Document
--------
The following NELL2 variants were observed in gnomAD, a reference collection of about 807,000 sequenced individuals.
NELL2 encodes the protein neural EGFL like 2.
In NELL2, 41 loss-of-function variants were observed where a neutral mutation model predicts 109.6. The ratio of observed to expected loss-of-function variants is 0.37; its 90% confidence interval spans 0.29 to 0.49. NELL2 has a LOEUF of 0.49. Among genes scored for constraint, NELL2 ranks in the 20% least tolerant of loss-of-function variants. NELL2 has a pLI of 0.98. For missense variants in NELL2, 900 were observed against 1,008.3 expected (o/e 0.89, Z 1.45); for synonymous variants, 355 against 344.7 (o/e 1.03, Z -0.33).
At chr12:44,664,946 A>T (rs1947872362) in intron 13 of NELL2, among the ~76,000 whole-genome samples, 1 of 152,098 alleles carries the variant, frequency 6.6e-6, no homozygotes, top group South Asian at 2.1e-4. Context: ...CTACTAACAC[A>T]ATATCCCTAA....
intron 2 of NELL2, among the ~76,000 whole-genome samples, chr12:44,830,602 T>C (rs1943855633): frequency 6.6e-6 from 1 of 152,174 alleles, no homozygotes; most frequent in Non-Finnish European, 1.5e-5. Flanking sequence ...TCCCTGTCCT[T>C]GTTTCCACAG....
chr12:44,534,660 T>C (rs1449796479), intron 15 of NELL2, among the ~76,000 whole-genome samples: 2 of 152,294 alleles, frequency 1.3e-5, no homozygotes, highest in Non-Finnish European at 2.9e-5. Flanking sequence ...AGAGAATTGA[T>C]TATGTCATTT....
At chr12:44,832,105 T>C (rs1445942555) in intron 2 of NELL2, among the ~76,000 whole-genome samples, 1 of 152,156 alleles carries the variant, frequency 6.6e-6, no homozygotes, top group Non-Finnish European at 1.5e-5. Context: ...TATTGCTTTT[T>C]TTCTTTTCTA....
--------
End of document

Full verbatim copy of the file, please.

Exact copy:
The following NELL2 variants were observed in gnomAD, a reference collection of about 807,000 sequenced individuals.
NELL2 encodes the protein neural EGFL like 2.
In NELL2, 41 loss-of-function variants were observed where a neutral mutation model predicts 109.6. The ratio of observed to expected loss-of-function variants is 0.37; its 90% confidence interval spans 0.29 to 0.49. NELL2 has a LOEUF of 0.49. Among genes scored for constraint, NELL2 ranks in the 20% least tolerant of loss-of-function variants. NELL2 has a pLI of 0.98. For missense variants in NELL2, 900 were observed against 1,008.3 expected (o/e 0.89, Z 1.45); for synonymous variants, 355 against 344.7 (o/e 1.03, Z -0.33).
At chr12:44,664,946 A>T (rs1947872362) in intron 13 of NELL2, among the ~76,000 whole-genome samples, 1 of 152,098 alleles carries the variant, frequency 6.6e-6, no homozygotes, top group South Asian at 2.1e-4. Context: ...CTACTAACAC[A>T]ATATCCCTAA....
intron 2 of NELL2, among the ~76,000 whole-genome samples, chr12:44,830,602 T>C (rs1943855633): frequency 6.6e-6 from 1 of 152,174 alleles, no homozygotes; most frequent in Non-Finnish European, 1.5e-5. Flanking sequence ...TCCCTGTCCT[T>C]GTTTCCACAG....
chr12:44,534,660 T>C (rs1449796479), intron 15 of NELL2, among the ~76,000 whole-genome samples: 2 of 152,294 alleles, frequency 1.3e-5, no homozygotes, highest in Non-Finnish European at 2.9e-5. Flanking sequence ...AGAGAATTGA[T>C]TATGTCATTT....
At chr12:44,832,105 T>C (rs1445942555) in intron 2 of NELL2, among the ~76,000 whole-genome samples, 1 of 152,156 alleles carries the variant, frequency 6.6e-6, no homozygotes, top group Non-Finnish European at 1.5e-5. Context: ...TATTGCTTTT[T>C]TTCTTTTCTA....